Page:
Two parents living together and filing together won’t need to work out an arrangement about who can claim a dependent, but this is a common situation for some parents. If your separated or divorced parents claim you as a dependent on both of their income tax returns, the Internal Revenue Service investigates the situation to decide who has claiming privileges.
Parents enter a dependent's Social Security number on their income tax returns to claim the dependent. When the IRS detects the same Social Security number for a dependent entered on more than one income tax return, it flags the returns. For taxpayers who electronically file an income tax return, the second return filed that duplicates the Social Security number will be rejected automatically. The IRS sends out a letter to both taxpayers.
If one of your parents knows that he didn’t claim a dependent in error, no response to the IRS notification is required. For mistaken claims, the IRS will ask the taxpayer to review the tax return and file an amended return that doesn’t claim the dependent. A taxpayer can file an amended tax return within three years of the original tax return year or within two years of paying relevant taxes, whichever is later. If the amended return results in additional taxes, the IRS may exact penalties or it could also waive them because of the accidental error.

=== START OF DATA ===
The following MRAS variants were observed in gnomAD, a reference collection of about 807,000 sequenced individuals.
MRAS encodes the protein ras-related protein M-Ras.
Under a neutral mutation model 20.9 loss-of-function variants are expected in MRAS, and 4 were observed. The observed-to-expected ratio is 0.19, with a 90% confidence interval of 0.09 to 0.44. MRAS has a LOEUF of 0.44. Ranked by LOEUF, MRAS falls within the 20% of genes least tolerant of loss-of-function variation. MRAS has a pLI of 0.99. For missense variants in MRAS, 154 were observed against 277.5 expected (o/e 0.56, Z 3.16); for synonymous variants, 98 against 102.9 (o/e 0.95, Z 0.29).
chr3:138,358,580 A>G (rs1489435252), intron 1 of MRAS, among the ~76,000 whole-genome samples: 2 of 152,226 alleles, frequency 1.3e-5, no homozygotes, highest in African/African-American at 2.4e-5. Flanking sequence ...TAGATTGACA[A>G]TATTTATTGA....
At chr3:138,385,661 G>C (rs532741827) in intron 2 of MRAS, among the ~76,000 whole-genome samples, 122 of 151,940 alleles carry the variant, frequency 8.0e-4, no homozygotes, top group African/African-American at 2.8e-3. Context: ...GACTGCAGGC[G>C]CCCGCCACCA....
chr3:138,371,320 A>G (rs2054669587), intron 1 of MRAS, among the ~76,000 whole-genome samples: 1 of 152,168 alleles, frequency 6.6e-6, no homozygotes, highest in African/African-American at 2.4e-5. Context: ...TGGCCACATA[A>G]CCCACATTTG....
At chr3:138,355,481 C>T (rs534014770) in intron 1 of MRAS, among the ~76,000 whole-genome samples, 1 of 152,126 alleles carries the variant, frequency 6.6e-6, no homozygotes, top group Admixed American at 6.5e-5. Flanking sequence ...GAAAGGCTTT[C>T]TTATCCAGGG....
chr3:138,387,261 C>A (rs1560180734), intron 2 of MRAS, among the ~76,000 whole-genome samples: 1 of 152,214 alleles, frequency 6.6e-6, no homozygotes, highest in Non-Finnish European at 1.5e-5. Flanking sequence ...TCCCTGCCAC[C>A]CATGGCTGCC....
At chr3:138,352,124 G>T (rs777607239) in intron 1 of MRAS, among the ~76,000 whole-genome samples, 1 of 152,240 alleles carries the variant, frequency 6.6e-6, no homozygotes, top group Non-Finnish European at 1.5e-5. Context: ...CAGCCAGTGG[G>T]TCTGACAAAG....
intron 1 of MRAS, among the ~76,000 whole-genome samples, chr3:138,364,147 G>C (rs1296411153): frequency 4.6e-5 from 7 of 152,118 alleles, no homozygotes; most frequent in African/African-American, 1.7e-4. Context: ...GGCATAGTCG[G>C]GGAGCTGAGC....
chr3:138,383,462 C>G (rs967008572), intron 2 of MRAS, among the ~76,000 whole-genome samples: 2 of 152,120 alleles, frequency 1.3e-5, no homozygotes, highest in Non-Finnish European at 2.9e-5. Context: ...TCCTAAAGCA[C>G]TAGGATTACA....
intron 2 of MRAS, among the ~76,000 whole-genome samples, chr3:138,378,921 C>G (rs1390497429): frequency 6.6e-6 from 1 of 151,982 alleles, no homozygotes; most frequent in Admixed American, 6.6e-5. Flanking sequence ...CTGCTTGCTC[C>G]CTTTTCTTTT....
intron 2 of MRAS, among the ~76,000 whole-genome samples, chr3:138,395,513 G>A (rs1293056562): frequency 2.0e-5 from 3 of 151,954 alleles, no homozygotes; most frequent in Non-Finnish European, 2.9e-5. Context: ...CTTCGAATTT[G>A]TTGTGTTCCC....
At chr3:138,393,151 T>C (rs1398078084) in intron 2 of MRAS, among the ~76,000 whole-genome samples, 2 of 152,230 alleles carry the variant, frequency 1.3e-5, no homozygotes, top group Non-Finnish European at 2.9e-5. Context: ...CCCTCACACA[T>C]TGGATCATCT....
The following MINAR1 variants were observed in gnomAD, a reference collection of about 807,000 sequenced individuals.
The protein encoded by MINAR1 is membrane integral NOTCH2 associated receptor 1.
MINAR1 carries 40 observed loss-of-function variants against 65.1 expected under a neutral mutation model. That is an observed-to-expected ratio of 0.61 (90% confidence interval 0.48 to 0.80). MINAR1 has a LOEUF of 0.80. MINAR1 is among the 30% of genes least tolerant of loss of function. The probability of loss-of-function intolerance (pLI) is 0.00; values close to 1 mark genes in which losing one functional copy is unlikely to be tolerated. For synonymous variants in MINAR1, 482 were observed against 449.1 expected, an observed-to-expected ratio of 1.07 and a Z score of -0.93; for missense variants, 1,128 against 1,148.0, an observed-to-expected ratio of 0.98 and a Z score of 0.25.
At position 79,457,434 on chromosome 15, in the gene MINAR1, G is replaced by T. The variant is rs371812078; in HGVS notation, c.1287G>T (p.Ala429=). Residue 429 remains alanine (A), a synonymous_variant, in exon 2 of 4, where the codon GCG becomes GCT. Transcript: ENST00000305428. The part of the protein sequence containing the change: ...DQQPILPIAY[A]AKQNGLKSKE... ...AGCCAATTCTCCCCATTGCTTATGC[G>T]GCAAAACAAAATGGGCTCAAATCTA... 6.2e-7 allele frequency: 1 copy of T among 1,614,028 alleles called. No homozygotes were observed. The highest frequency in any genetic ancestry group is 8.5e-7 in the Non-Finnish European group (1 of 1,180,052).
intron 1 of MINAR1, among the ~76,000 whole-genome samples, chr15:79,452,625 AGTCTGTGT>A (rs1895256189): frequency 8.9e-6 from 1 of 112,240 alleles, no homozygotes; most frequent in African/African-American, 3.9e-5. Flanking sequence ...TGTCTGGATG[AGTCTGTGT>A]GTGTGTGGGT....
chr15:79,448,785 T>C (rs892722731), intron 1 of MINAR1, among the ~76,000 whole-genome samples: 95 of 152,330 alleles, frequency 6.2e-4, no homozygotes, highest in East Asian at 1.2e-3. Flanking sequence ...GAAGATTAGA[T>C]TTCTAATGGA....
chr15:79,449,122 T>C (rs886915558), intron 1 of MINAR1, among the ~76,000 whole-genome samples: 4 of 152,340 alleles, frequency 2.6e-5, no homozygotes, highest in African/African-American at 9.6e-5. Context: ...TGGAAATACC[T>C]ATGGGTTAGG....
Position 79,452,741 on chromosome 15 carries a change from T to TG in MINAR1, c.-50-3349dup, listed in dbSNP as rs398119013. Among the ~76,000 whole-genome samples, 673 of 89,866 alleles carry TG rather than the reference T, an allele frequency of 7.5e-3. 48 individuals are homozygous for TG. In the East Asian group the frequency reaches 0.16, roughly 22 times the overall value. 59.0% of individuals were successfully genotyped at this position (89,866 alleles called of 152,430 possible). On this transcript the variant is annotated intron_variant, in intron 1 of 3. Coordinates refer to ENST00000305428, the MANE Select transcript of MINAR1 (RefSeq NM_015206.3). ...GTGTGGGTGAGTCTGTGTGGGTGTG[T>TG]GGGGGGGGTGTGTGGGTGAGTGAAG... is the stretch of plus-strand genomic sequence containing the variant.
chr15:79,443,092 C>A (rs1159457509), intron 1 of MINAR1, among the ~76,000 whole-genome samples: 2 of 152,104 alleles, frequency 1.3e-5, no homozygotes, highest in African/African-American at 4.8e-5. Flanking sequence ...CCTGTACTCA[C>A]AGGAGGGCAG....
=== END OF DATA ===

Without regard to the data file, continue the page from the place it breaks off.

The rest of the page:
The IRS might also decide to schedule an audit due to two taxpayers claiming the same dependent. An audit can be done up to three years from the date of filing of the original tax return. The audit notification will give instructions about the evidence to gather to prove why the taxpayer thought she was entitled to claim the dependent. Your parents should make copies of all supporting documentation and furnish the information to the IRS by the deadline.
The IRS will review both parents’ documentation to determine who had the right to claim the dependent. The IRS will make a decision that typically awards the claim to the person whose turn it was based on a divorce or custody agreement or based on who had physical placement of the dependent for more time during the tax year. If both parents shared equal time, the IRS awards the claim to the taxpayer with the higher adjusted gross income.
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